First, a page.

When it comes to technology, Churchtown resident Jordan Lockhart goes by the adage "if it ain't broke, don't fix it".
"Basically, if it works, I keep it," said Lockhart, 16. "Unless I have to update, usually I don't."
Lockhart noted that she had to update her cell phone last year because her old one broke.
ASHLEY HILL The Marietta Times
Reno resident Sabrinna McAtee, 20, uses her cell phone Tuesday. She said she doesn’t try to keep up with the latest technology because it’s too cos
It seems the world of technology is constantly changing and keeping up can be quite costly, which is why some people, like Lockhart, don't even try.
According to frugal-living-freedom.com, money can be saved when a person replaces technology only when they need to, rather than replacing it just to have the latest version. This applies to not only cell phones, but computers, printers, copiers, fax machines, stereos, alarm clocks, microwaves and other electronics.
Cell phones, though, seem to be the things that become outdated the fastest. According to an article on money.cnn.com, cell phone manufacturing cycles are getting shorter, with smart phones spending only six to nine months on the market.
For example, the Motorola Droid went on sale in November 2009 and by January 2010, the twice-as-fast Nexus One hit store shelves. The HTC Droid Incredible followed closely behind, hitting the market in April. The Evo 4G was released in June, and later that same month, the Samsung Galaxy S went on sale.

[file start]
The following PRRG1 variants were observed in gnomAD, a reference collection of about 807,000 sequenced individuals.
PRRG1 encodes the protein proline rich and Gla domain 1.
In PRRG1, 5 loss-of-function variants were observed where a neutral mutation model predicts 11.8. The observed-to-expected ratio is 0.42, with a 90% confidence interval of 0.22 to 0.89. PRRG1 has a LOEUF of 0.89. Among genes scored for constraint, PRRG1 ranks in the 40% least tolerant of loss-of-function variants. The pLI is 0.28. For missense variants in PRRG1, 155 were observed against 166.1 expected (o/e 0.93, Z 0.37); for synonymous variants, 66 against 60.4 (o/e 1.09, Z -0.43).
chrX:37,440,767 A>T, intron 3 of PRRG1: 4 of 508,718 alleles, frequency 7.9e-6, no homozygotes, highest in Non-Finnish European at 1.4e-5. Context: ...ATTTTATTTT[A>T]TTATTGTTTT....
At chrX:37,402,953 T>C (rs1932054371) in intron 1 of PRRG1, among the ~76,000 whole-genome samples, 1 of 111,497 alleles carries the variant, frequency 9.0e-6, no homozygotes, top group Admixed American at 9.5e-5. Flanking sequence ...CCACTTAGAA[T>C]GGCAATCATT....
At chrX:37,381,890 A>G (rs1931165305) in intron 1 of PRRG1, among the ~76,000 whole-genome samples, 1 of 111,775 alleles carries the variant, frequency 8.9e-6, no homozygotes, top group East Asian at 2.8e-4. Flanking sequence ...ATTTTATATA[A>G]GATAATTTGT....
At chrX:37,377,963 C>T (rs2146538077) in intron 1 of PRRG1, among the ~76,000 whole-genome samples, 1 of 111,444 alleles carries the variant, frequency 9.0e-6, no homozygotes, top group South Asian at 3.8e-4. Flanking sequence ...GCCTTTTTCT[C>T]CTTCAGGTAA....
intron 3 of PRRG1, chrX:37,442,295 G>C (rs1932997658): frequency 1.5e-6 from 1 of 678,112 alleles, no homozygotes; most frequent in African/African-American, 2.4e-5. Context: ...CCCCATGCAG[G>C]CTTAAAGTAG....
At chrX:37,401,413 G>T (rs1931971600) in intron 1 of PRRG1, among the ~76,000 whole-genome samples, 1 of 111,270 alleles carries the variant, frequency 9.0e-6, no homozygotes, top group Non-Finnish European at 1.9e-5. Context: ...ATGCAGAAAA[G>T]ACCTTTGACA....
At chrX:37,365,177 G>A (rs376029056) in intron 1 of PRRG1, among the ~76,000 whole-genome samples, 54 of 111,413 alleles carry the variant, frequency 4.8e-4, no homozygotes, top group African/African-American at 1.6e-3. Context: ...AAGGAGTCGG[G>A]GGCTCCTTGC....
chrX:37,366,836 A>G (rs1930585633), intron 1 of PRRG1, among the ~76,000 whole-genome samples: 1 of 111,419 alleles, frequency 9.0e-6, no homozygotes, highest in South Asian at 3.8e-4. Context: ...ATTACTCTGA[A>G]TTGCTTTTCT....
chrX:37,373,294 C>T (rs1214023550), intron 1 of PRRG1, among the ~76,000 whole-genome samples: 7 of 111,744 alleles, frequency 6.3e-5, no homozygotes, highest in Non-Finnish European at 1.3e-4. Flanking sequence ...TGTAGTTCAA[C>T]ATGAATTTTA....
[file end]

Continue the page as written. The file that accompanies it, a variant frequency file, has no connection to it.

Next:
CNNMoney has dubbed the trend "Android's Law" because Android - an open-source, free-to-license operating system - gives device manufacturers the ability to load ready-made software onto their phones rather than paying for the creation of a proprietary operating system.
It used to take much longer to design the components for a phone, the article says, and manufacturers would leave them on the market longer in an effort to make back their investment.
Analysts believe that while things will never go back to the way they were, customers' inability to absorb products so quickly will result in the market cycle ceasing to shorten.
Vincent resident Samuel Greenlee, 17, said "for the most part", he tries to keep up with technology.
"It's just cool to have something new - all the different abilities the phones and stuff have," he said.
Greenlee added that he has a Nintendo Wii video game system, but he's not as concerned about keeping up with the latest video games.
"I just wait until they get on sale," he said.
The Wii was released in November 2006, with a price tag of $249.99. Initially, the console was available only in white. Now it's available in white, black or red and costs $199. There are hundreds of games available for the system.